A residence is not lost until it is abandoned and another is established through action and intent (Appeal of Lin, 48 Ed Dept Rep 166, Decision No. 15,827; Appeal of Hussain, 46 id. 108, Decision No. 15,456). A person’s temporary absence from a school district of residence does not necessarily constitute either the establishment of a residence in the district where one is temporarily located, or the abandonment of one’s permanent residence (Appeal of Lin, 48 Ed Dept Rep 166, Decision No. 15,827; Appeal of Stewart, 46 id. 92, Decision No. 15,450). To determine one’s intent as to whether a living arrangement is indeed temporary, the Commissioner must consider evidence regarding the family’s continuing ties to the community and their efforts to return (Appeal of Lin, 48 Ed Dept Rep 166, Decision No. 15,827; Appeal of Hussain, 46 id. 108, Decision No. 15,456; Appeal of Stewart, 46 id. 92, Decision No. 15,450).
The mere fact that one rents or owns a house or property in the district, or even pays taxes in the district, does not necessarily confer residence status (Appeal of White, 48 Ed Dept Rep 295, Decision No. 15,863; Appeal of Merlino, 48 id. 18, Decision No. 15,779).
A residency determination will not be set aside unless it is arbitrary and capricious (Appeal of White, 48 Ed Dept Rep 295, Decision No. 15,863; Appeal of a Student with a Disability, 48 id. 171, Decision No. 15,828). In an appeal to the Commissioner, the petitioner has the burden of demonstrating a clear legal right to the relief requested and the burden of establishing the facts upon which petitioner seeks relief (Appeal of White, 48 Ed Dept Rep 295, Decision No. 15,863; Appeal of a Student with a Disability, 48 id. 171, Decision No. 15,828).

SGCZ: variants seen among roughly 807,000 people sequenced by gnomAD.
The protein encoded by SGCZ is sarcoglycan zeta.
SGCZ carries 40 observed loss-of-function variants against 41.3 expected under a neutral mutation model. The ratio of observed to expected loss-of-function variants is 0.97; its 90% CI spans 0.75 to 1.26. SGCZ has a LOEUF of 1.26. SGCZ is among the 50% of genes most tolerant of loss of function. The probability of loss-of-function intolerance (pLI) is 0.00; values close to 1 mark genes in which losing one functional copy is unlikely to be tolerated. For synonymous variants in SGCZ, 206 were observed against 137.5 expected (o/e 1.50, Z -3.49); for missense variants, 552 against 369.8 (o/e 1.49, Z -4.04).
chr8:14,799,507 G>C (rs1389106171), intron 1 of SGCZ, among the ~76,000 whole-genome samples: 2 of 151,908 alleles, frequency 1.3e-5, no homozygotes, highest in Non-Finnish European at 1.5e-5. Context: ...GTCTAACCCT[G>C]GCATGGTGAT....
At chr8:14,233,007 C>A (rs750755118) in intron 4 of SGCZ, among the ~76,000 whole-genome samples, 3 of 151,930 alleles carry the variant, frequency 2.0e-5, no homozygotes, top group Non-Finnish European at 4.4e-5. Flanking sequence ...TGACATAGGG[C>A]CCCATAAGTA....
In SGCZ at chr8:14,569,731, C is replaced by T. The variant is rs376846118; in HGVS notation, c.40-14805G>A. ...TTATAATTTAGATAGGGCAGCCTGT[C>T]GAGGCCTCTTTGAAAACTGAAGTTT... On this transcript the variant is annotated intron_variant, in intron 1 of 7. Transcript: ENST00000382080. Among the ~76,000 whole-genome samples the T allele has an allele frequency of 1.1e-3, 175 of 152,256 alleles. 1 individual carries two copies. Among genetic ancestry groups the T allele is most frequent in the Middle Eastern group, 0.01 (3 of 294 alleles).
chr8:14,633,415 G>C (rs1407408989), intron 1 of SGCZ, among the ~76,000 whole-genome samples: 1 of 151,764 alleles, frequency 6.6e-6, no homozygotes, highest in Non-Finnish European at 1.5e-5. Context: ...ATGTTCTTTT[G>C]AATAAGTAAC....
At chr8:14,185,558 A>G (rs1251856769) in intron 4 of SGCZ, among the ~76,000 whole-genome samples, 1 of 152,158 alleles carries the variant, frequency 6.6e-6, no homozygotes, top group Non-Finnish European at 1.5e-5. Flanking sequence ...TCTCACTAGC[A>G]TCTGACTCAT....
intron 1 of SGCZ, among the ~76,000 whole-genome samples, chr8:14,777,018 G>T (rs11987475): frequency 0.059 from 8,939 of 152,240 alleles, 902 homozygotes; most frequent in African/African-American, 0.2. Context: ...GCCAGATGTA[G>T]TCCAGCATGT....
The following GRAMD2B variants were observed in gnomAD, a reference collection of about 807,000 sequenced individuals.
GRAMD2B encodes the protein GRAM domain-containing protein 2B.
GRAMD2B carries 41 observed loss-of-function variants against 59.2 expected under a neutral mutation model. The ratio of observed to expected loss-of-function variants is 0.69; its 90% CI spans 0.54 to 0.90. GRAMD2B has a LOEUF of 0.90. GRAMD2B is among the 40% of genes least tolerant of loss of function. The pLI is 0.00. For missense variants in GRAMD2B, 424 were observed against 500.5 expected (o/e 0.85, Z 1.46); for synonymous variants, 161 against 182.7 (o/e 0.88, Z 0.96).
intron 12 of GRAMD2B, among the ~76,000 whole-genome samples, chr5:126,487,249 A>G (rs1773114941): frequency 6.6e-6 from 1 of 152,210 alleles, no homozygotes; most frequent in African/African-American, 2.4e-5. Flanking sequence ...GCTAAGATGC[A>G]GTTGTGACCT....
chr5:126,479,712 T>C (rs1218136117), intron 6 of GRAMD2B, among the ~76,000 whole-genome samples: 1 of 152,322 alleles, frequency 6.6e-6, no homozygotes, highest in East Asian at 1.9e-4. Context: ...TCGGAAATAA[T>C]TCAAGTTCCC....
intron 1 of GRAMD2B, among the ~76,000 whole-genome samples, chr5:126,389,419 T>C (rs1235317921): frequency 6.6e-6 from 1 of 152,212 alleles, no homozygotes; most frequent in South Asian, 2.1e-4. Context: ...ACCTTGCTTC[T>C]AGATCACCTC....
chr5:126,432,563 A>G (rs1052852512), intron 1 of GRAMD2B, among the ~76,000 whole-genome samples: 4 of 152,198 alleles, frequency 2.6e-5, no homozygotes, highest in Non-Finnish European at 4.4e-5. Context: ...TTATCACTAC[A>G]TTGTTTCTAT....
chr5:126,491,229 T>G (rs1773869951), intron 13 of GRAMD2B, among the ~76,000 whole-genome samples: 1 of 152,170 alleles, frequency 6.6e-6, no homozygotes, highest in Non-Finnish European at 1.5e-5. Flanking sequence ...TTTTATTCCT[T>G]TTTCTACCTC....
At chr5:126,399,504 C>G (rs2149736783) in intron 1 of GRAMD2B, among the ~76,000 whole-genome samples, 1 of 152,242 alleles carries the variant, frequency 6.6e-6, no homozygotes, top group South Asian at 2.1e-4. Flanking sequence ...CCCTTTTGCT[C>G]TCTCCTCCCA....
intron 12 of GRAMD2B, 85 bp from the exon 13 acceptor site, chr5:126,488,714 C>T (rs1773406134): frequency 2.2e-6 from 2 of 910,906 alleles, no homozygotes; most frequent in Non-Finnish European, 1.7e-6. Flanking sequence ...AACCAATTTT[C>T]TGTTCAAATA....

Petitioner states that she exercises control over L.H. and L.H. resides with her. However, she also states that they reside “between” Rose Place and Centerwood Street and that her time at Centerwood Street is “on and off.” Her husband, in his affidavit, states that petitioner and L.H. “partly reside” at Centerwood Street and requests that L.H. continue to be allowed to stay there so that petitioner’s cousins can assist with childcare for L.H. on the rare occasions when the demands of his and petitioner’s jobs conflict.
Petitioner can have only one legal residence. She has failed to establish not only that she resides at Centerwood Street in the district, but also that she has abandoned her out-of-district residence at Rose Place. She concedes that her husband pays all the bills, and that everything, including her paycheck and car registration, are sent to Rose Place. Furthermore, petitioner failed to present evidence rebutting the surveillance report wherein she was never observed at Centerwood in the early morning. Nor did she present any evidence that she and her husband are actually living apart or have joint custody of L.H., or that L.H. is essentially dividing her time between two households.
Based on the record before me, petitioner has failed to meet her burden of proof. Accordingly, I cannot conclude that respondent acted arbitrarily or capriciously in determining that L.H. is not a district resident and is not entitled to attend the district's schools tuition-free.
THE APPEAL IS DISMISSED.
END OF FILE.